Now, I’d never heard of this Portuguese novelist, although I’m sure others have, since I see he’s quite popular. And now I know why. I was asked to proofread the latest translation of his novel The Relic, and although I can’t speak specifically to the faithfulness of the translation, not being conversant in Portuguese, I will say that the translator, Aubrey F. G. Bell must have given an excellent rendition, since the story sucked me in and kept me occupied until I was finished.
It’s not a common thing for me to edit fiction yet, but I’d sure like to do more of this storyteller’s work. The plot sketch is as follows: Young boy of no means is adopted by a really uptight religious (Catholic) Aunt with lots of money, but oh, does she hate men and sex! So, our young protagonist tries to hide his sensual adventures and appear a devout ascetic (timeframe seems to be late 19th/early 20th century?) in order to win her favor, and most of all, her money. Ah the prices of hypocrisy!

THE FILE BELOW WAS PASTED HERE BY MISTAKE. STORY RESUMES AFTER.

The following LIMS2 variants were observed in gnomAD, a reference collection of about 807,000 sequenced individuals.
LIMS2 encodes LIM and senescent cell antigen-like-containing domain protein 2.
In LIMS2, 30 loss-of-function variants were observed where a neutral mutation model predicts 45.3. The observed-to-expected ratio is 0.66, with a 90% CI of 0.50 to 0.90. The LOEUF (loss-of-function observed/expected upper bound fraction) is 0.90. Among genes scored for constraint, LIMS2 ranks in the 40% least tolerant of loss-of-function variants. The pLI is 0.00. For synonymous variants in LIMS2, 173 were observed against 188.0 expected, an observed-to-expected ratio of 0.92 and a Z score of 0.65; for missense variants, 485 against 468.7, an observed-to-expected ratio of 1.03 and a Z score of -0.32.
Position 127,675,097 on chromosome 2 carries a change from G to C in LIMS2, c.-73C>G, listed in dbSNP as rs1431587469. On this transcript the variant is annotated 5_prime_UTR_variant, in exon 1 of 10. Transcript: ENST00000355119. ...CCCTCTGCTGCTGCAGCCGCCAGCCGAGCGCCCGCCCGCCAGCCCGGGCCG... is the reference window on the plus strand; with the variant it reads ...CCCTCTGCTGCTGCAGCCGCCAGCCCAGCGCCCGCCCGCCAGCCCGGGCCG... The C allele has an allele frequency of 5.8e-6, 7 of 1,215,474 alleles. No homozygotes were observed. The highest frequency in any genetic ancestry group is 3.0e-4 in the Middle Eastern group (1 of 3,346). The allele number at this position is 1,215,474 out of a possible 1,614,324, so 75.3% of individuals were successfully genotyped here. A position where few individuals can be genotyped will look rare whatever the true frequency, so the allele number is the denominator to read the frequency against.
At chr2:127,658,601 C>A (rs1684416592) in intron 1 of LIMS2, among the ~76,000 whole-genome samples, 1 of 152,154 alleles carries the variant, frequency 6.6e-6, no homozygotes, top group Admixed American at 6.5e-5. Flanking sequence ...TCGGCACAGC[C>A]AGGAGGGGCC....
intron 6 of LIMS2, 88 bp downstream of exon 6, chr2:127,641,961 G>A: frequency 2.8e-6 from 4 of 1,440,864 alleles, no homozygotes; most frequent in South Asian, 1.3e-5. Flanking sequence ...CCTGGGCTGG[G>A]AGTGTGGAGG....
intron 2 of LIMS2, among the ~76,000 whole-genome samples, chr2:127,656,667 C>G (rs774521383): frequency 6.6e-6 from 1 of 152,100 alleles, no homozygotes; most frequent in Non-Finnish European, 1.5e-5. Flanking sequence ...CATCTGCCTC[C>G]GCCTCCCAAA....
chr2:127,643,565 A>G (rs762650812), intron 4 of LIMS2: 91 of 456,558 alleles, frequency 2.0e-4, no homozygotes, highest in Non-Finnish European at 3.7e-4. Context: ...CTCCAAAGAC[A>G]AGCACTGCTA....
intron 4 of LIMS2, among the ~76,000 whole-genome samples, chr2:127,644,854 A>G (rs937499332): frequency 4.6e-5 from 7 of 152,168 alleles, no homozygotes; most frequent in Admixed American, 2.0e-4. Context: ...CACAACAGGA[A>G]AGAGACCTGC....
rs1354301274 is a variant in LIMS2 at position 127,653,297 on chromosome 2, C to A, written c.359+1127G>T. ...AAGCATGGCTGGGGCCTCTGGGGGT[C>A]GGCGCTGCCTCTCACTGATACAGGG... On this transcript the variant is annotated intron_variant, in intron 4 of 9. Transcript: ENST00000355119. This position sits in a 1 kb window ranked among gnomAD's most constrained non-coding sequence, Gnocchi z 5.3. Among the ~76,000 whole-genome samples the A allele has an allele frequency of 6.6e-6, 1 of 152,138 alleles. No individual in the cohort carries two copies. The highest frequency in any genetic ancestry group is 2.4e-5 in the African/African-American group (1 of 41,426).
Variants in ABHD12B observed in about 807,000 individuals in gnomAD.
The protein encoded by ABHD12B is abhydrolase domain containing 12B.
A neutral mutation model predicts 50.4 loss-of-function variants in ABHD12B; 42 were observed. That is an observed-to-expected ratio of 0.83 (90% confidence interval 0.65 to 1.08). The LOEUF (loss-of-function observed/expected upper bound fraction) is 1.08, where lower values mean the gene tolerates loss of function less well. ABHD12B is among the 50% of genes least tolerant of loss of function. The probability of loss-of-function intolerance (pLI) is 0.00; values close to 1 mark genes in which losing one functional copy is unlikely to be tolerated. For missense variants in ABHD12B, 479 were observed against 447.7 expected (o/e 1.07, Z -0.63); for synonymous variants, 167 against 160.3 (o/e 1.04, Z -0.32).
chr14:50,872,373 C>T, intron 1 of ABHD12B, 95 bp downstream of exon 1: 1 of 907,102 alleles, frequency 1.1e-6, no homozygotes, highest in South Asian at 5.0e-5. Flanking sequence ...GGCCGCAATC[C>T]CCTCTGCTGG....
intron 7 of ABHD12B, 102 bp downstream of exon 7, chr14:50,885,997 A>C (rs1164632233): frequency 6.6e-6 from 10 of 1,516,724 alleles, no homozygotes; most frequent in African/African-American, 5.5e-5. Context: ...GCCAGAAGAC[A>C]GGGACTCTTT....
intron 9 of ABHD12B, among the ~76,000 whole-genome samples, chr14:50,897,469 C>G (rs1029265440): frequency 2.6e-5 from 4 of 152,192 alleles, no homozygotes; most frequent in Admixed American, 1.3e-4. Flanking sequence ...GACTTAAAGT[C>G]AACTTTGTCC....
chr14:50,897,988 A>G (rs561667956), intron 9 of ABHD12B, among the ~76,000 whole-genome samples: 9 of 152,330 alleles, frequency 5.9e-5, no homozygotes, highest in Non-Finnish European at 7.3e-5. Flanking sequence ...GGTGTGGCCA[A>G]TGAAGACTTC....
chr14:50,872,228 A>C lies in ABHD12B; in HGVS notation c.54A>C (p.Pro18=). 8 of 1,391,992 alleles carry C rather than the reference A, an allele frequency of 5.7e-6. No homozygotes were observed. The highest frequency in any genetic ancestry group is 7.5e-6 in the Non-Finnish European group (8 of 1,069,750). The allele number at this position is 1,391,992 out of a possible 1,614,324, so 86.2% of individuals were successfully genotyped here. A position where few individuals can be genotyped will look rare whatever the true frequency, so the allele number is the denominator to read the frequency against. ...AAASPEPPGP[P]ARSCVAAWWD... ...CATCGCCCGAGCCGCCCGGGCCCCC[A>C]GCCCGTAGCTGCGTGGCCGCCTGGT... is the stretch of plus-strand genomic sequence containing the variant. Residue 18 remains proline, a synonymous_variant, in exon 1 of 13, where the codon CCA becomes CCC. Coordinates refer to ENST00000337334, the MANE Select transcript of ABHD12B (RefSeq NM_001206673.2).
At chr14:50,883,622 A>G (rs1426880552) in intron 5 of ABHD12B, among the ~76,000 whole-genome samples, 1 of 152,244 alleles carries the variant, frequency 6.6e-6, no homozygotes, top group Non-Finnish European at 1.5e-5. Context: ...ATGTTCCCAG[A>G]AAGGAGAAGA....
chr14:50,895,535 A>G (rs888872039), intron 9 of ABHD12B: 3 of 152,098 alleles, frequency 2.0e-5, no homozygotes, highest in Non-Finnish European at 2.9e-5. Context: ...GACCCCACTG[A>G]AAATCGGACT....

Tense in many places, but above all fraught with humor and biting satire on the restrictions of Catholic prudery. I felt the moral dilemma the young man had gotten himself into, yet wanted him to be himself and quit sucking up to the Aunt. The author is a master storyteller. I could see the walnut-stained furniture, the Catholic icons, the becandled rooms and thick doorways, the narrow, crooked streets, the domes of the churches, the deserts and dealings on his trip to the Middle East. Very rich in setting, description, emotion, and action, all paced exquisitely.
Nothing like it. No regrets.
I think you can pre-order it here. I get to see them before they get published, of course. This translation is due out in April of this year (2012).